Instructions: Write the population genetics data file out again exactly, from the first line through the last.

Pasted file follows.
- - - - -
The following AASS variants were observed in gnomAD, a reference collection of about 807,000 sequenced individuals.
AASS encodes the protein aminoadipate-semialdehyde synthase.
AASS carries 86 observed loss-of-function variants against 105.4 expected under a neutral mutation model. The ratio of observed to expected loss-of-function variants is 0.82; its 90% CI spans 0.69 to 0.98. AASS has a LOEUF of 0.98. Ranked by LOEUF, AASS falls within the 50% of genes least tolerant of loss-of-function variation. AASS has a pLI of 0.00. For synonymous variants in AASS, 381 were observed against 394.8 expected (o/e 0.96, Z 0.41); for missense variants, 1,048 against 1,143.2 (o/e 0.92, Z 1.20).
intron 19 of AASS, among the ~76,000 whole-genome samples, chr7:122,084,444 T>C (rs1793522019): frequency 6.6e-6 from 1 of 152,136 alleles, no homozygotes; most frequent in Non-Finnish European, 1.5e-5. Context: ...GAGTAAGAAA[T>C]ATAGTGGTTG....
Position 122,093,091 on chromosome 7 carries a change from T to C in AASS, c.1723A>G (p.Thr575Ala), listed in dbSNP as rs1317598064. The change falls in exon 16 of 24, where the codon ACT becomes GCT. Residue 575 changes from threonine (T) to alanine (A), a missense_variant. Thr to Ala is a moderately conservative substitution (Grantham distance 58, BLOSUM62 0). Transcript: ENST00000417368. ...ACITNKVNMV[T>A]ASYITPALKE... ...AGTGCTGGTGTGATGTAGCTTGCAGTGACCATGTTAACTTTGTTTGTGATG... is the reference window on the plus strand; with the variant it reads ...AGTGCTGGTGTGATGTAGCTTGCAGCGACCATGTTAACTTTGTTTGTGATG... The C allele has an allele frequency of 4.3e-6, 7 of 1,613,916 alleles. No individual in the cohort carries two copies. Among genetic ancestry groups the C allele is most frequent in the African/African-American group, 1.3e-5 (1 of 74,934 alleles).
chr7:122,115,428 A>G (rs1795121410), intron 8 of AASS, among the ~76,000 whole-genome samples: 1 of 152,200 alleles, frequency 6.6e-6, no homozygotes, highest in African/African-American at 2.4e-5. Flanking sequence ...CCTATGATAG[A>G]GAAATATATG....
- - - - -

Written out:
The following AASS variants were observed in gnomAD, a reference collection of about 807,000 sequenced individuals.
AASS encodes the protein aminoadipate-semialdehyde synthase.
AASS carries 86 observed loss-of-function variants against 105.4 expected under a neutral mutation model. The ratio of observed to expected loss-of-function variants is 0.82; its 90% CI spans 0.69 to 0.98. AASS has a LOEUF of 0.98. Ranked by LOEUF, AASS falls within the 50% of genes least tolerant of loss-of-function variation. AASS has a pLI of 0.00. For synonymous variants in AASS, 381 were observed against 394.8 expected (o/e 0.96, Z 0.41); for missense variants, 1,048 against 1,143.2 (o/e 0.92, Z 1.20).
intron 19 of AASS, among the ~76,000 whole-genome samples, chr7:122,084,444 T>C (rs1793522019): frequency 6.6e-6 from 1 of 152,136 alleles, no homozygotes; most frequent in Non-Finnish European, 1.5e-5. Context: ...GAGTAAGAAA[T>C]ATAGTGGTTG....
Position 122,093,091 on chromosome 7 carries a change from T to C in AASS, c.1723A>G (p.Thr575Ala), listed in dbSNP as rs1317598064. The change falls in exon 16 of 24, where the codon ACT becomes GCT. Residue 575 changes from threonine (T) to alanine (A), a missense_variant. Thr to Ala is a moderately conservative substitution (Grantham distance 58, BLOSUM62 0). Transcript: ENST00000417368. ...ACITNKVNMV[T>A]ASYITPALKE... ...AGTGCTGGTGTGATGTAGCTTGCAGTGACCATGTTAACTTTGTTTGTGATG... is the reference window on the plus strand; with the variant it reads ...AGTGCTGGTGTGATGTAGCTTGCAGCGACCATGTTAACTTTGTTTGTGATG... The C allele has an allele frequency of 4.3e-6, 7 of 1,613,916 alleles. No individual in the cohort carries two copies. Among genetic ancestry groups the C allele is most frequent in the African/African-American group, 1.3e-5 (1 of 74,934 alleles).
chr7:122,115,428 A>G (rs1795121410), intron 8 of AASS, among the ~76,000 whole-genome samples: 1 of 152,200 alleles, frequency 6.6e-6, no homozygotes, highest in African/African-American at 2.4e-5. Flanking sequence ...CCTATGATAG[A>G]GAAATATATG....